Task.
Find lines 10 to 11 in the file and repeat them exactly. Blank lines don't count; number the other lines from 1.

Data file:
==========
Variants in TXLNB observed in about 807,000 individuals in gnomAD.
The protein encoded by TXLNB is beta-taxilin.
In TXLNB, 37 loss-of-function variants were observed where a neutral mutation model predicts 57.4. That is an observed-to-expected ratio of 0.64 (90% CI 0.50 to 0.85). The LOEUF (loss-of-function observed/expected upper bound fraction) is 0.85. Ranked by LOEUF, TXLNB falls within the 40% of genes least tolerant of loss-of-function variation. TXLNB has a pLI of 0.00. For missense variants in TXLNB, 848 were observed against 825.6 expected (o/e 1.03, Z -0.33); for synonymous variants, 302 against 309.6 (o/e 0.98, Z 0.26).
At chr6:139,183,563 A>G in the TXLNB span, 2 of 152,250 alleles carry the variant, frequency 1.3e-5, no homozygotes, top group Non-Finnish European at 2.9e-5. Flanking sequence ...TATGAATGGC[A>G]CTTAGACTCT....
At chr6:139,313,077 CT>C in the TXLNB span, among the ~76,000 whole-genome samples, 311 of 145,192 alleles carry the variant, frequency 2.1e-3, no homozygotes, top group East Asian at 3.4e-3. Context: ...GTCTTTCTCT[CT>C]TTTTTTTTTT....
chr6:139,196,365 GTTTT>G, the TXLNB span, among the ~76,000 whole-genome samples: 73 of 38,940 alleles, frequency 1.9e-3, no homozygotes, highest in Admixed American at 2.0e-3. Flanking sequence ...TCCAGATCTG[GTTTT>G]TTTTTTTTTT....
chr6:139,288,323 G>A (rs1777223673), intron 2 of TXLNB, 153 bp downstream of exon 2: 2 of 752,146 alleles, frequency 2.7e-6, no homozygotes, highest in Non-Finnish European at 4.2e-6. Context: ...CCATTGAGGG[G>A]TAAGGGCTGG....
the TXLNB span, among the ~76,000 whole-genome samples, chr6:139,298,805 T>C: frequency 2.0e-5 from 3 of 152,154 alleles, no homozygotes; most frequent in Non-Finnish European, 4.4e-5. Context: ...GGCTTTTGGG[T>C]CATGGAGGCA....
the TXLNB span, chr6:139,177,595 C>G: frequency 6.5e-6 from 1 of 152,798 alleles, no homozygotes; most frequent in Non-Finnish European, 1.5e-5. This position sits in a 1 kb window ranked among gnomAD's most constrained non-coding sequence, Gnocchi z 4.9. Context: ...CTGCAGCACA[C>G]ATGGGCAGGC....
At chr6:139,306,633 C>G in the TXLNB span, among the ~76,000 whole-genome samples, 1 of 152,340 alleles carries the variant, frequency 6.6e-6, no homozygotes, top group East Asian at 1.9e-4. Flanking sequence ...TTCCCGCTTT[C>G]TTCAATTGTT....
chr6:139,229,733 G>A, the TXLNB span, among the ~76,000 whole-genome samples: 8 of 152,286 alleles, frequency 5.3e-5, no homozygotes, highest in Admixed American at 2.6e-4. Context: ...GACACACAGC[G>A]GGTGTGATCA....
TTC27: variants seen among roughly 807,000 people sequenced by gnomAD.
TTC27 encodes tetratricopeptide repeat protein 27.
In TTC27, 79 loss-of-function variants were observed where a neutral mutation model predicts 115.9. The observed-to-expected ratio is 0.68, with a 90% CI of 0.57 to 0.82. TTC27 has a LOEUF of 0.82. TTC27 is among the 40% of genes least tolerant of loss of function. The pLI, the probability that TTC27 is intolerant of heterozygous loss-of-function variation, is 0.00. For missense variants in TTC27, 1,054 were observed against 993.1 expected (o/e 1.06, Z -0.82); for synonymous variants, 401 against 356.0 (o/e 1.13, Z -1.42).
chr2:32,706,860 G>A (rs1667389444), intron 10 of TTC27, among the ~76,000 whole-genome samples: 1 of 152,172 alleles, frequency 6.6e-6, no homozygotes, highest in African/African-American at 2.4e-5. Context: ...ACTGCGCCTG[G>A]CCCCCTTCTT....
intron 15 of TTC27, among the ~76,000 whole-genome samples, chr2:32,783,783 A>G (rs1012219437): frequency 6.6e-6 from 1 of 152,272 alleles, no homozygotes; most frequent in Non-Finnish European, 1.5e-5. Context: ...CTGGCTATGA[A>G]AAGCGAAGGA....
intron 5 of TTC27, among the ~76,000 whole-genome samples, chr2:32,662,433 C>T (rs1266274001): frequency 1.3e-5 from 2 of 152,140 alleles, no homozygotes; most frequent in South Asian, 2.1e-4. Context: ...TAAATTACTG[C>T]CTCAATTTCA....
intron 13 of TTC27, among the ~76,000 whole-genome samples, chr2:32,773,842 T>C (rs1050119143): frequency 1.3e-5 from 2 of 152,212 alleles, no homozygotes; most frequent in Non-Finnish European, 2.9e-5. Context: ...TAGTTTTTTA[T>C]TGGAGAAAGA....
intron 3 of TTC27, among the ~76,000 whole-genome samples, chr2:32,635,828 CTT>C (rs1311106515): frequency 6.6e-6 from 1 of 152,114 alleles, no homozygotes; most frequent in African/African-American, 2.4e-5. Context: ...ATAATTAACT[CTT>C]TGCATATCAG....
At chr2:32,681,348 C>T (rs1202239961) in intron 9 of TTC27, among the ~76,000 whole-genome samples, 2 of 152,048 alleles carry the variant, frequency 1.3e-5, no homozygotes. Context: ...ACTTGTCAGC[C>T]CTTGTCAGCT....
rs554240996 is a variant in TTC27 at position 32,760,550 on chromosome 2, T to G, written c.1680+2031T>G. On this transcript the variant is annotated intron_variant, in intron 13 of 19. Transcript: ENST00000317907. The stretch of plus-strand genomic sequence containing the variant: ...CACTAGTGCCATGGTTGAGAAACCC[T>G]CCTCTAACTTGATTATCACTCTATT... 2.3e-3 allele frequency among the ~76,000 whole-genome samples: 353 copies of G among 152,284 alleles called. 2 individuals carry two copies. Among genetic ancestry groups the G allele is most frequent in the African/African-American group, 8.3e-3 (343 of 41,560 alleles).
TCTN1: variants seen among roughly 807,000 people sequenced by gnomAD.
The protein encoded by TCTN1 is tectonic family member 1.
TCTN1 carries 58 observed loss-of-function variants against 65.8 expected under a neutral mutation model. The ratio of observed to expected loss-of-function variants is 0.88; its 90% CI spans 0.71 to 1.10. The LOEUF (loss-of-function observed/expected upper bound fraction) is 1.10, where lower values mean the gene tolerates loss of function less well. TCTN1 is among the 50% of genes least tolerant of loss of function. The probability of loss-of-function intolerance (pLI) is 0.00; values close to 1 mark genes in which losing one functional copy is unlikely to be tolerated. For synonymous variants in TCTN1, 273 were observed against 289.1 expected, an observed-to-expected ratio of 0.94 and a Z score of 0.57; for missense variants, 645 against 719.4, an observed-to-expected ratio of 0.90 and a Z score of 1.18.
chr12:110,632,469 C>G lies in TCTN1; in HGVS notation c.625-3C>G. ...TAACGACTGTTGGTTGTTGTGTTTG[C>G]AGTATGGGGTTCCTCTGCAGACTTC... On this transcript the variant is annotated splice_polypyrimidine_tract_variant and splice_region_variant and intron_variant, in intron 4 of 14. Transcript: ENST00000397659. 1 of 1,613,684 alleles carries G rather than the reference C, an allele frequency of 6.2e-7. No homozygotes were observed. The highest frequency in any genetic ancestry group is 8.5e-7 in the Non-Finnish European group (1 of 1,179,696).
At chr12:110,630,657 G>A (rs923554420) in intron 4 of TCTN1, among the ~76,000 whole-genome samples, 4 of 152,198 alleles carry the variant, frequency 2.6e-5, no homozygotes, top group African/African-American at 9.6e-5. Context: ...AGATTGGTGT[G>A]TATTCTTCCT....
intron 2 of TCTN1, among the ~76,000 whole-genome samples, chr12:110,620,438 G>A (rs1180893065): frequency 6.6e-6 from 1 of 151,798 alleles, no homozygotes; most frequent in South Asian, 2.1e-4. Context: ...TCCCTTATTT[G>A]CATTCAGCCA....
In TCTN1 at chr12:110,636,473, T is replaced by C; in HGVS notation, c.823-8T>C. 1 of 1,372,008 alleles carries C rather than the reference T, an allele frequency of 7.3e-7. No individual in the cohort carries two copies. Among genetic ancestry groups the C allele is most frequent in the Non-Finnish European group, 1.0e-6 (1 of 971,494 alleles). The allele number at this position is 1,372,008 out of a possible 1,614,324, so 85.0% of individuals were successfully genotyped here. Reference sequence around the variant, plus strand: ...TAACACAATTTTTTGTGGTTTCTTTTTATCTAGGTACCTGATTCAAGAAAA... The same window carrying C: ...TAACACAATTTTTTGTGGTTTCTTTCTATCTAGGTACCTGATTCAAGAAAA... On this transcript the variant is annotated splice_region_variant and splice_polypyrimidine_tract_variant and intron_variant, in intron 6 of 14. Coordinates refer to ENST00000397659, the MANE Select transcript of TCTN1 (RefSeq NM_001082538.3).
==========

At chr6:139,306,633 C>G in the TXLNB span, among the ~76,000 whole-genome samples, 1 of 152,340 alleles carries the variant, frequency 6.6e-6, no homozygotes, top group East Asian at 1.9e-4. Flanking sequence ...TTCCCGCTTT[C>G]TTCAATTGTT....
chr6:139,229,733 G>A, the TXLNB span, among the ~76,000 whole-genome samples: 8 of 152,286 alleles, frequency 5.3e-5, no homozygotes, highest in Admixed American at 2.6e-4. Context: ...GACACACAGC[G>A]GGTGTGATCA....